Workers and directors at the Nigerian National Petroleum Corporation’s (NNPC’s) three refineries in the last three years were paid N252.8 billion in salaries and other emoluments.
This is according to data collated from their audited financial statements released by the corporation.
The refineries are at Port Harcourt, Kaduna, and Warri with a total installed capacity of 445,000 barrels per day, but have not been able to produce a single drop of fuel in recent years.
However, in the last three years employees earned N250.3 billion in wages, salaries, and allowances, while directors received N2.56 billion emoluments.
Breakdown shows in 2018, the three refineries together paid N93.6 billion in wages, salaries, and allowances to employees, while directors got N942.7 million with the same period.
In 2019 workers for the three refineries were paid N87.5 billion and directors’ emoluments rose to N1.06 billion, this is despite no revenue and huge losses.
The most recent 2020 audited result released on Wednesday last week again showed huge pay to the tune of N69.06 billion to workers while directors walked home with N551.6 million
This is despite recording combined losses in the year to the tune of N108.29 billion in 2020.
According to data from 2020, Kaduna Refining and Petrochemical Company lost N55.77 billion last year, Port Harcourt Refining Company lost N28.67 billion, and Warri Refining and Petrochemical Company lost N23.85 billion.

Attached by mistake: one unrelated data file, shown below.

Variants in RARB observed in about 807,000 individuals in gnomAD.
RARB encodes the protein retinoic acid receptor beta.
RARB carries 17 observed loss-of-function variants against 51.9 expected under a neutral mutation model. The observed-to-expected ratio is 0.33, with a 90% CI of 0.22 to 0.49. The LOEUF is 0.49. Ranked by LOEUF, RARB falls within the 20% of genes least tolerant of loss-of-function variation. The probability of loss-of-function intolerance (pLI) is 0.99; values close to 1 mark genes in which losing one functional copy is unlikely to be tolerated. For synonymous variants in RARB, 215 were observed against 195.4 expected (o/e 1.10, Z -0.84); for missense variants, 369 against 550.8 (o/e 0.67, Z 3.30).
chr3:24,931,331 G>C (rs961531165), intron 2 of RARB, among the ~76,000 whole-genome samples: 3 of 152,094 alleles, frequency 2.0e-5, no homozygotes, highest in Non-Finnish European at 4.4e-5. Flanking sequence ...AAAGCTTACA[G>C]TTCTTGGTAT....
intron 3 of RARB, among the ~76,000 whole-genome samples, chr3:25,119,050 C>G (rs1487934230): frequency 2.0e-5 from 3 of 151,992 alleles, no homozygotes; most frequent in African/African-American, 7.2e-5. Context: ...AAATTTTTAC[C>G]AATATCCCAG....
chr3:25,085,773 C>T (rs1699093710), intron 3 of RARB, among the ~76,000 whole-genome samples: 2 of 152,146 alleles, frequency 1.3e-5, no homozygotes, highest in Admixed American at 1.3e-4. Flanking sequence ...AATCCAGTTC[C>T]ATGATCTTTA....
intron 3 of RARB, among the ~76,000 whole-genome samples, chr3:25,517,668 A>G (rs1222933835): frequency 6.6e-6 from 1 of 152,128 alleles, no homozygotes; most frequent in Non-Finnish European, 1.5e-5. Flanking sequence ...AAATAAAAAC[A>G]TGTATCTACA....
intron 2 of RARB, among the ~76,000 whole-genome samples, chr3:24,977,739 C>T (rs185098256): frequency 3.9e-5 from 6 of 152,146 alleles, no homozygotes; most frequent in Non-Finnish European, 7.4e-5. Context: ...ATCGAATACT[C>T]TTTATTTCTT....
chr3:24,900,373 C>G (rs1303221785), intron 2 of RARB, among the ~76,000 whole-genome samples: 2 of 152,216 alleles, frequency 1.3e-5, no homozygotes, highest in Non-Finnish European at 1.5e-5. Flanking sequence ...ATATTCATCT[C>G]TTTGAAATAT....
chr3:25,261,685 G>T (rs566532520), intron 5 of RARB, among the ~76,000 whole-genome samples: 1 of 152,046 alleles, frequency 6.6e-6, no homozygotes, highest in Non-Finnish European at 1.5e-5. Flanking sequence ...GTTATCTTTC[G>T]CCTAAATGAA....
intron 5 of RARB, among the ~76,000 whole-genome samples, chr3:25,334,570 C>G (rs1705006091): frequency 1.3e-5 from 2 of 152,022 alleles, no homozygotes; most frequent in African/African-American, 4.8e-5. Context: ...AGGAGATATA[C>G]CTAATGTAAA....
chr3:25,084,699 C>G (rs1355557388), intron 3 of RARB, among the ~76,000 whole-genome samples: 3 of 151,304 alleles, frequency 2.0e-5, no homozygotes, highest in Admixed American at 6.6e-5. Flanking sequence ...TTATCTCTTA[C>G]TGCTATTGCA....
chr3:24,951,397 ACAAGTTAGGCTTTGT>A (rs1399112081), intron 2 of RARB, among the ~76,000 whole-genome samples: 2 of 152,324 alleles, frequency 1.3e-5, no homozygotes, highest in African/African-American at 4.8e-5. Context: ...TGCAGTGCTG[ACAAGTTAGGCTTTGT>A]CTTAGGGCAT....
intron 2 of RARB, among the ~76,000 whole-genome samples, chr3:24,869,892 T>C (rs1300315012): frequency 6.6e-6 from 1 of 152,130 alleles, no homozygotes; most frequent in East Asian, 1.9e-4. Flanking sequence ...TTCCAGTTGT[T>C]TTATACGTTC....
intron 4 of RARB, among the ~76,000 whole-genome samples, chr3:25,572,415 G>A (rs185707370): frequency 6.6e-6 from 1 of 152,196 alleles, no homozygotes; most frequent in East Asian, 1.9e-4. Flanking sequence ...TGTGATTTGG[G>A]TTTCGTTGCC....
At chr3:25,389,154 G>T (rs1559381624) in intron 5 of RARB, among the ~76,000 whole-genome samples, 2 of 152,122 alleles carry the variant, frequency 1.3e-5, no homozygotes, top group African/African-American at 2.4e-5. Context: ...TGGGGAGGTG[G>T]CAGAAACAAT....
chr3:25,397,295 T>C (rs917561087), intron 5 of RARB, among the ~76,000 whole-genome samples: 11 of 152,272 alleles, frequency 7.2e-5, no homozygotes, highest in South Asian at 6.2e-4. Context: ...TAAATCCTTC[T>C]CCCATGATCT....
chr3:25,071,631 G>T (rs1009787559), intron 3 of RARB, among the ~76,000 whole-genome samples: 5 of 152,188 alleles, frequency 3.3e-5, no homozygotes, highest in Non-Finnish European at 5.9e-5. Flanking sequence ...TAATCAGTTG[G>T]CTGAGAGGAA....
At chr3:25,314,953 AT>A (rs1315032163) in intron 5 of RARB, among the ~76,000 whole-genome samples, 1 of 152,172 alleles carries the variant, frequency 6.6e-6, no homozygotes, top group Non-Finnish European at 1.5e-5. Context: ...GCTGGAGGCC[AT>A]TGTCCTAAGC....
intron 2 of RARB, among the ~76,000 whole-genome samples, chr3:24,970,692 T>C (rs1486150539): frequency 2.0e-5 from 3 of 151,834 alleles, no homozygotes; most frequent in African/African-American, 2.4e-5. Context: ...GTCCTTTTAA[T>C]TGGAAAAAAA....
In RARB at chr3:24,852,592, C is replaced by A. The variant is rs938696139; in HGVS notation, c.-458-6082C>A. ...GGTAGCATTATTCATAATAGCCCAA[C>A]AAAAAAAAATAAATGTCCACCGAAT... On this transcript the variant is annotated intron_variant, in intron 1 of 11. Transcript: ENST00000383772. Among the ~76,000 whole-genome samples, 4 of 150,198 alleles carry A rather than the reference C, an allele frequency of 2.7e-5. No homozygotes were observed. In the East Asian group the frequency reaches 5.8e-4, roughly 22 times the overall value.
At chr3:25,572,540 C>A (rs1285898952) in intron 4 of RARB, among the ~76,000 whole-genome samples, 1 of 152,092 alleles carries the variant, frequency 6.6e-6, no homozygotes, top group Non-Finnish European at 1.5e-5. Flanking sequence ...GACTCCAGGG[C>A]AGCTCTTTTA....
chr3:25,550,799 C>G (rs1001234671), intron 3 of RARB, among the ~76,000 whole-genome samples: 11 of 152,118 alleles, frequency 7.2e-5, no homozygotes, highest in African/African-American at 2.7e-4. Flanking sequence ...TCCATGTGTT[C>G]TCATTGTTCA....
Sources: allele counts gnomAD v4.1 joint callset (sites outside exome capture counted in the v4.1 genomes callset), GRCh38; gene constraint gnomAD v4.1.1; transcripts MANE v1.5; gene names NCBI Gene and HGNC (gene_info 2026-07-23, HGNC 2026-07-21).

Salaries, wages, and other fringe benefits given to Kaduna refinery employees was N26.02 billion in 2020, down from N34.52 billion the year before.
The Port Harcourt refinery reported N22.55 billion in payroll expenditures (wages, salaries, and allowances, as well as redundancy and pension costs), up from N18.62 billion a year ago.
Warri refinery said its aggregate costs of employees, comprising direct labour cost and indirect labour and staff welfare cost, dropped to N20.51bn last year from N30.86bn in 2019.
For the year 2020, the company did not earn any income through shutdown of the plants and the ongoing turnaround maintenance,” KRPC said.
According to the financial statements, the company relies on short-term funding from NNPC to meet its obligations as and when due.
“Although the funding arrangement is short term in nature, the directors, based on historical patterns and continued discussions, with the parent, believe that the funding will be available for at least the next one year,” it said.
PHRC said the N28.674bn loss it incurred last year arose “principally from the inability of the company to refine single drop of crude in the year 2020 and other previous years in quantities and at rates above its break-even points, hence it was unable to earn enough revenue to cover its costs.”
“However, the parent company, Nigerian National Petroleum Corporation is committed to continuing to support the sustenance of its operations through adequate funding,” it said.
The company noted that the Federal Government had approved the sum of $1.5bn to rehabilitate the aging plants towards productive and profitable use.
“Without doubt, if this plan is fully executed, the reoccurring losses will stop in the year 2023, which is the expected date of completing the phase one of the rehabilitation project,” it added.
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